Six degrees of separation doesn't mean that everyone is linked to everyone else in just six steps. It means that a very small number of people are linked to everyone else in a few steps, and the rest of us are linked to the world through those special few.
The idea that excellence at performing a complex task requires a critical minimum level of practice surfaces again and again in studies of expertise. In fact, researchers have settled on what they believe is the magic number for true expertise: ten thousand hours.
The Law of the Few says that there are exceptional people out there who are capable of starting epidemics. All you have to do is find them. The lesson of stickiness is the same. There is a simple way to package information that, under the right circumstances, can make it irresistible. All you have to do is find it.
These three characteristics [of a tipping point]—one, contagiousness; two, the fact that little causes can have big effects; and three, that change happens not gradually but at one dramatic moment ... The name given to that one dramatic moment in an epidemic when everything can change all at once is the Tipping Point.
Their research suggestes that once a musician has enough ability to get into a top music school, the thing that distinguishes one performer from another is how hard he or she works. That's it. And what's more, the people at the very top don't work just harder or even much harder than everyone else. They work much, much harder.
In a social epidemic, Mavens are data banks. They provide the message. Connectors are social glue: they spread it. But there is also a select group of people—Salesmen—with the skills to persuade us when we are unconvinced of what we are hearing, and they are as critical to the tipping of word of mouth epidemics as the other two groups.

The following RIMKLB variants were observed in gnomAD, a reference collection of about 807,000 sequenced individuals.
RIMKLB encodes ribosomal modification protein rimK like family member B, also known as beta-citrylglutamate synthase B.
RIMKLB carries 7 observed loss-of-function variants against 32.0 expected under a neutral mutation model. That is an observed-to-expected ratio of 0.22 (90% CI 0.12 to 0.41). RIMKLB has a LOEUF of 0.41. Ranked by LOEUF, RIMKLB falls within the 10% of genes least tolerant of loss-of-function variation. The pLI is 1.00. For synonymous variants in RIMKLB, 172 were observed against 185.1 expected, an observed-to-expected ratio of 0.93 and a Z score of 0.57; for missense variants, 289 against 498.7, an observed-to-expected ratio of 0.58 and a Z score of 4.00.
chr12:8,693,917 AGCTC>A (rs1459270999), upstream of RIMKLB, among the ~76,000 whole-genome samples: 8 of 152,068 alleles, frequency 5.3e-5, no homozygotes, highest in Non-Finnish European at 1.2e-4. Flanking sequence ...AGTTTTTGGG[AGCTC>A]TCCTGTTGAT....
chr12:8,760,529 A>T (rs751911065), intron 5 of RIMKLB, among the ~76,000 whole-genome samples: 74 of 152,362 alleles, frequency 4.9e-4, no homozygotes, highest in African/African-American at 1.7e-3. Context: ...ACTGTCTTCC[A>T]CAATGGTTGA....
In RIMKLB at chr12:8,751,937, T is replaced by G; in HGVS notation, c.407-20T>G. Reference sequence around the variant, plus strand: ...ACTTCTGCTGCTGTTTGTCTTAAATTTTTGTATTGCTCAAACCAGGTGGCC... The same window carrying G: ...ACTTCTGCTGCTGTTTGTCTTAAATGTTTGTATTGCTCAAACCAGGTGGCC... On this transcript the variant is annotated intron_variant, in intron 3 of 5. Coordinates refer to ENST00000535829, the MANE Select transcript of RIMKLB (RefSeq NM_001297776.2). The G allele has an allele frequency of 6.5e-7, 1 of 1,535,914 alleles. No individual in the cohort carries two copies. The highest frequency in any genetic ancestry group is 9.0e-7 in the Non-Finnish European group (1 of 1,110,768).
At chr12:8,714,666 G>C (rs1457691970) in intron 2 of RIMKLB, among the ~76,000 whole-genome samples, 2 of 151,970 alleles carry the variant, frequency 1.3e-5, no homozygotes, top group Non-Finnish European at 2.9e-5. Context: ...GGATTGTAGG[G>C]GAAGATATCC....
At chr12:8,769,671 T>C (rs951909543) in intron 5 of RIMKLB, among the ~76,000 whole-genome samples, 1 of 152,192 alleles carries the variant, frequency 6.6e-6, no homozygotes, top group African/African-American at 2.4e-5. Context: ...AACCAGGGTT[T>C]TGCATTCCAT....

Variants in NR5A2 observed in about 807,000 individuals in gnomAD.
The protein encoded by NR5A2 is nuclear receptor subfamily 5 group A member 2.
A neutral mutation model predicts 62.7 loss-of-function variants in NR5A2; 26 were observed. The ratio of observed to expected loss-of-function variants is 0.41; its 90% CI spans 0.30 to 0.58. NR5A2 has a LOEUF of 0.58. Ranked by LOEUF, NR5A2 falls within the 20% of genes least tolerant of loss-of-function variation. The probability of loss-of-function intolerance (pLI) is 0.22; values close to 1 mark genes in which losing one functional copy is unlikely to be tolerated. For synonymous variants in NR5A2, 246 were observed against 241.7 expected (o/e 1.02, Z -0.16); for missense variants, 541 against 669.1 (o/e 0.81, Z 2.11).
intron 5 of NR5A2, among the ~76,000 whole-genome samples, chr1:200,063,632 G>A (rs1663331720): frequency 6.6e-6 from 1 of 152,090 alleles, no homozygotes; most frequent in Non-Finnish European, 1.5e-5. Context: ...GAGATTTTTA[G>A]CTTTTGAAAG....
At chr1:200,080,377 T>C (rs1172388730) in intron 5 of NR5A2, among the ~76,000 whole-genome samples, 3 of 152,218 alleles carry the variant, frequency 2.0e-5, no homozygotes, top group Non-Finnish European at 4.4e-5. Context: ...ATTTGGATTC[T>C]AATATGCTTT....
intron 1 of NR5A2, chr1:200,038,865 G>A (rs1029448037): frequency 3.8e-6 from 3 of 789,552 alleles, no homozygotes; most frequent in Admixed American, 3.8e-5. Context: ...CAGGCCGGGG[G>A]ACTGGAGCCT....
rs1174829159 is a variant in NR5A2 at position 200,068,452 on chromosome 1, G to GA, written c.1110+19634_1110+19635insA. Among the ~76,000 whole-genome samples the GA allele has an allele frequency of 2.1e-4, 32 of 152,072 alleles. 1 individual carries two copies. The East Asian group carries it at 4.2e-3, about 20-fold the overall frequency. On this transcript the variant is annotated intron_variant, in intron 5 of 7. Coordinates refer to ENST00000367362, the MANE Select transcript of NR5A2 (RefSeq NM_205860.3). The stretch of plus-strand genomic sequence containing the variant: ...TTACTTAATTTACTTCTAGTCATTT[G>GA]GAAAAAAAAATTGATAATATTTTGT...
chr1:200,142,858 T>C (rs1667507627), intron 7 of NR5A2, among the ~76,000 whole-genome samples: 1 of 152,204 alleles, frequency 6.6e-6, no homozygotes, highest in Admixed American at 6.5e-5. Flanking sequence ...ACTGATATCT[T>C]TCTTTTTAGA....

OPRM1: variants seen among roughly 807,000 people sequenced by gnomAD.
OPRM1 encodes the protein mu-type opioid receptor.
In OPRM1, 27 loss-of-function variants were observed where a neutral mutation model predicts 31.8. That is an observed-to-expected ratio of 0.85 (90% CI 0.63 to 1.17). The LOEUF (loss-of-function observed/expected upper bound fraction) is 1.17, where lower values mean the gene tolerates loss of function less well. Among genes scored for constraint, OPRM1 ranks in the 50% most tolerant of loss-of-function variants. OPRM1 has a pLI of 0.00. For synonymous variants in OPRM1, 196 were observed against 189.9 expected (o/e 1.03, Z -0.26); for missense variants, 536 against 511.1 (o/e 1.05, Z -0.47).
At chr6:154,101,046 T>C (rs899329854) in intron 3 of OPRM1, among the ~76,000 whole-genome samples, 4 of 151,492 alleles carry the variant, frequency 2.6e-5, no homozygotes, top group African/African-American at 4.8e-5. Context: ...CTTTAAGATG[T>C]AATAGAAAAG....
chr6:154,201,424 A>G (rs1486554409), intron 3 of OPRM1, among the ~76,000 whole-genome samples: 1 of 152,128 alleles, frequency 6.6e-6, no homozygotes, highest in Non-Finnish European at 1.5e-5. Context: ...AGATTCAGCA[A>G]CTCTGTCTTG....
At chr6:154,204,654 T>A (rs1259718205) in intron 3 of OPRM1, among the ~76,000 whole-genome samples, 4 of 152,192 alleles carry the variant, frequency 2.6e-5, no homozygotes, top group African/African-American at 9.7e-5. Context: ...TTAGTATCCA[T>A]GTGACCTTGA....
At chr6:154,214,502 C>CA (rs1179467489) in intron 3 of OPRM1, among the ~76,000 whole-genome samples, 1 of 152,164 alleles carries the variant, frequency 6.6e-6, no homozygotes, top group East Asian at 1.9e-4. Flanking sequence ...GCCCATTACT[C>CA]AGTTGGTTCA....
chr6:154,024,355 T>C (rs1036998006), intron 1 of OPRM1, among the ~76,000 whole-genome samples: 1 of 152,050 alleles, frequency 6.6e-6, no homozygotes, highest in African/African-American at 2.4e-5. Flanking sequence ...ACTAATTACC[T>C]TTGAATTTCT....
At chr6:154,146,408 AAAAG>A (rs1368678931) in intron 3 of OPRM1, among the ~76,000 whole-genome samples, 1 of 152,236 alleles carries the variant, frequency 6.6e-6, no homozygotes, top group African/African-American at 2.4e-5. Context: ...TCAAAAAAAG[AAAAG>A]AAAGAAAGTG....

When should we trust our instincts, and when should we consciously think things through? Well, here is a partial answer. On straightforward choices, deliberate analysis is best. When questions of analysis and personal choice start to get complicated—when we have to juggle many different variables—then our unconscious thought processes may be superior.
When making a decision of minor importance, I have always found it advantageous to consider all the pros and cons. In vital matters, however, such as the choice of a mate or a profession, the decision should come from the unconscious, from somewhere within ourselves. In the important decisions of personal life, we should be governed, I think, by the deep inner needs of our nature.
We live in a world saturated with information. We have virtually unlimited amounts of data at our fingertips at all times, and we're well versed in the arguments about the dangers of not knowing enough and not doing our homework. But what I have sensed is an enormous frustration with the unexpected costs of knowing too much, of being inundated with information. We have come to confuse information with understanding.
These three agents of change I call the Law of the Few, the Stickiness Factor, and the Power of Context. ... The Law of the Few says that there are exceptional people out there who are capable of starting epidemics. ... The Stickiness Factor says that there are specific ways of making a contagious message memorable; there are relatively simple changes in the presentation and structuring of information that can make a big difference in how much of an impact it makes. ... The Power of Context says that human beings are a lot more sensitive to their environment than they may seem.